City links water contaminant to chemical foam used in airport area firefighting and training exercises (Video)

Greensboro officials seeking the source of a potentially harmful, drinking water contaminant are focused on a relatively small area that includes Piedmont Triad International Airport and its immediate surroundings.
“They are legacy sites that have been used for firefighting training over the decades,” said Drew, director of Greensboro’s department of water resources.
In addition to training drills, instances where the foam might have accumulated in that area include crashes involving tanker trucks and long forgotten industrial fires or spills.
In 2002 the only major U.S. manufacturer voluntarily agreed to phase out production of PFOS.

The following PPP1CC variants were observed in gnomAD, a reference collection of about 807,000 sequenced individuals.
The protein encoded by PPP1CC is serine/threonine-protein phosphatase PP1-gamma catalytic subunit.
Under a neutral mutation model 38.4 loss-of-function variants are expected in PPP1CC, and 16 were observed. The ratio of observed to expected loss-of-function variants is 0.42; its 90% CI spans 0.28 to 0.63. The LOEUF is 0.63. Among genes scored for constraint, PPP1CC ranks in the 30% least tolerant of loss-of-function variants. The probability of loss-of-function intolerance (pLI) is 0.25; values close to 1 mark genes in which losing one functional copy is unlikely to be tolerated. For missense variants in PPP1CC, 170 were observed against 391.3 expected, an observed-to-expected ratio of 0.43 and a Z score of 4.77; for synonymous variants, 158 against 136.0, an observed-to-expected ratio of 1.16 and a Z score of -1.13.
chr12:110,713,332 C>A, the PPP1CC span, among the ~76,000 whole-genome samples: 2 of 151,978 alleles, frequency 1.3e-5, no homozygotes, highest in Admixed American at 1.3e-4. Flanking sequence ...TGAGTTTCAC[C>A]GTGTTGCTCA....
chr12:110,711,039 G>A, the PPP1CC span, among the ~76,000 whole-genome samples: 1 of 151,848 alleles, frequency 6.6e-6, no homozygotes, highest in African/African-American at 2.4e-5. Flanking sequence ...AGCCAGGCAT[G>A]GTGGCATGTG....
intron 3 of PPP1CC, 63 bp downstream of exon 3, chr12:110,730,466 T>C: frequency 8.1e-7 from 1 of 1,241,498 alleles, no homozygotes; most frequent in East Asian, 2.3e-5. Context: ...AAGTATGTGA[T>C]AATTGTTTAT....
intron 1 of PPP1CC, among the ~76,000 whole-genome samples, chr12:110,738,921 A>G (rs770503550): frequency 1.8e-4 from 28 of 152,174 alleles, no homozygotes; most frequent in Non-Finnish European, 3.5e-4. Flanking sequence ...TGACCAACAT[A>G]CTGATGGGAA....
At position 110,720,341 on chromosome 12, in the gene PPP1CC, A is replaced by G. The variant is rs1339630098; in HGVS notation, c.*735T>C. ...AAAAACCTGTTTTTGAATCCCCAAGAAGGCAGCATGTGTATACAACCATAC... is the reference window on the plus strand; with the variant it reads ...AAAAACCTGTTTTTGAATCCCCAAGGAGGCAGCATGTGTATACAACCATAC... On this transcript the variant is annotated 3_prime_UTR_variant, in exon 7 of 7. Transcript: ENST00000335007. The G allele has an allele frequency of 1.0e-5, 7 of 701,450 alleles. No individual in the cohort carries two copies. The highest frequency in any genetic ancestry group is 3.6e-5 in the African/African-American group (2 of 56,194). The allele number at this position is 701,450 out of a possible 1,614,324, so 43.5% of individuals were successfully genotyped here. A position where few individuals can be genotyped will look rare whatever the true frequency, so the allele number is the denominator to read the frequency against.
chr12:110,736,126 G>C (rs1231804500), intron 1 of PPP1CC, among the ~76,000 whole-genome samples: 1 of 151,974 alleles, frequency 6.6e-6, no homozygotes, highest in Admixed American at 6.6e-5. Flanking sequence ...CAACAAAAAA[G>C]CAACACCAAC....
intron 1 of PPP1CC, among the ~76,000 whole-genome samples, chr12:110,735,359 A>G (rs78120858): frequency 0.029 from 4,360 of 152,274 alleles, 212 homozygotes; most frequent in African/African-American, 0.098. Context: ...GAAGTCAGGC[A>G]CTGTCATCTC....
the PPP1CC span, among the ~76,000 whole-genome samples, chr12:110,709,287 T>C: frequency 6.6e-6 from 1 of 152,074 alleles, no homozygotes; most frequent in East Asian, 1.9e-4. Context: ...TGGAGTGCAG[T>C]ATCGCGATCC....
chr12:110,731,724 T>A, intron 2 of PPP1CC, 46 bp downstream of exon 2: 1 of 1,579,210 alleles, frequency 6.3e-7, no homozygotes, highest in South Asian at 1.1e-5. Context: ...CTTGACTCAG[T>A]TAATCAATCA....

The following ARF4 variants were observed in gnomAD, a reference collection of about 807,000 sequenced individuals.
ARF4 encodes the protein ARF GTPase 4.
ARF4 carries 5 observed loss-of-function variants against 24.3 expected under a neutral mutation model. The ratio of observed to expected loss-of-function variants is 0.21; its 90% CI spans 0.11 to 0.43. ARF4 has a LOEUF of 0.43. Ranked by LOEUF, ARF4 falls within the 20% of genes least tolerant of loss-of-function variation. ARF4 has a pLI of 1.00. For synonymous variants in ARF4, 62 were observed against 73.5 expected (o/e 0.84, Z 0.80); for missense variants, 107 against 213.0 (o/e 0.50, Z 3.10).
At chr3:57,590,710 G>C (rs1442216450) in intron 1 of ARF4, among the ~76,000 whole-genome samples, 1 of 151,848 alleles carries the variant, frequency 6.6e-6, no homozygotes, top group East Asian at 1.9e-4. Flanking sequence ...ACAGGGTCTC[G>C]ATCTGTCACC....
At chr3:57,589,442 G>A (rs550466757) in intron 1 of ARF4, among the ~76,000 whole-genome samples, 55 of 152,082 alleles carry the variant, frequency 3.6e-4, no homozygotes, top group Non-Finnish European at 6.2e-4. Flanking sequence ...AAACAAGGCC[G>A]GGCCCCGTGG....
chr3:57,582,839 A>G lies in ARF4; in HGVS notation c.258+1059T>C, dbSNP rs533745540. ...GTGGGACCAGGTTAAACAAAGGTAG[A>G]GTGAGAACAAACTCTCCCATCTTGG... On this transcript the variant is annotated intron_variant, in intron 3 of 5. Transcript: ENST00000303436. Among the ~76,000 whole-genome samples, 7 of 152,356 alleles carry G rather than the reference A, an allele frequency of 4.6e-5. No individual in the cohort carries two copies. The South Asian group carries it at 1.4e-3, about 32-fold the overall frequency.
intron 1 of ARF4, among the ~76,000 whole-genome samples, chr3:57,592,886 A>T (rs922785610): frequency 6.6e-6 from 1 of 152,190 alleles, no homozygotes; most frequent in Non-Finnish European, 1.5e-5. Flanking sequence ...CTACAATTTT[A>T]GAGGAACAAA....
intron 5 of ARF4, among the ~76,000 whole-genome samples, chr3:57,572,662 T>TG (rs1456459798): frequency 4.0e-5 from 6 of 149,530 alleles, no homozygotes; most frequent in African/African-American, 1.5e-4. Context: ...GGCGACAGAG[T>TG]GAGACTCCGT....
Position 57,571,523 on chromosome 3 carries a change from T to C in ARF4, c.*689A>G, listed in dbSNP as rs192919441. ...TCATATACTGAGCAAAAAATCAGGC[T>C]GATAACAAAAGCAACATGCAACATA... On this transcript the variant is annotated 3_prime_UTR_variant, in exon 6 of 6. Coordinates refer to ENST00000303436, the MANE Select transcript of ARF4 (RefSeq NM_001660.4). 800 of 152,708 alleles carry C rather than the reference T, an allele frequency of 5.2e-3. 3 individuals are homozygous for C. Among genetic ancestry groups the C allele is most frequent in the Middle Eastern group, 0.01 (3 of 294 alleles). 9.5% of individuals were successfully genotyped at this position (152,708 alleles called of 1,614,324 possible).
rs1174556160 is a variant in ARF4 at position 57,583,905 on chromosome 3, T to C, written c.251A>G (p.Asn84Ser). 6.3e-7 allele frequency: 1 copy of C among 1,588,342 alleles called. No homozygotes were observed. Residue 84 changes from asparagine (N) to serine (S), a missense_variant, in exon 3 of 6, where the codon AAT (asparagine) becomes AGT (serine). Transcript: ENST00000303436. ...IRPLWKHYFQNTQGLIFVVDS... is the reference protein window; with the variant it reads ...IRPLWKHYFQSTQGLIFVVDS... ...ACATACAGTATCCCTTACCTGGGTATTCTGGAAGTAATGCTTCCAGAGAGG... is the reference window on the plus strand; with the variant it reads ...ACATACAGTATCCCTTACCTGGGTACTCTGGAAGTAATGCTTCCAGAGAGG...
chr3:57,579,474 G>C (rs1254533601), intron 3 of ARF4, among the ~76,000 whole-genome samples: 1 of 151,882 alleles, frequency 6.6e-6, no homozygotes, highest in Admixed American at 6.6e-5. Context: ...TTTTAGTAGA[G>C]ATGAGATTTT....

So no action was required of Drew and Borchers other than to alert state and federal regulators to their finding, which they did.
PFOS levels at the city’s other water treatment plant on Lake Townsend have not been so problematic.
The city’s most recent round of tests in November found that water from the plant contained PFOS at 43 ppt and its sister compound at 7.2 ppt.
Sister Chemical PFOS limits are often set in combination with its sister chemical, PFOA (perfluoroctanoic acid) that has been a major component of Teflon cooking surfaces and many other consumer products.
EPA’s 70 ppt health advisory for drinking water applies to both compounds either alone or in combination.
Water sources contaminated by PFOS have been associated with releases from manufacturing sites, industrial sites, fire/crash training areas, and industrial or municipal waste sites where products are disposed of or applied.

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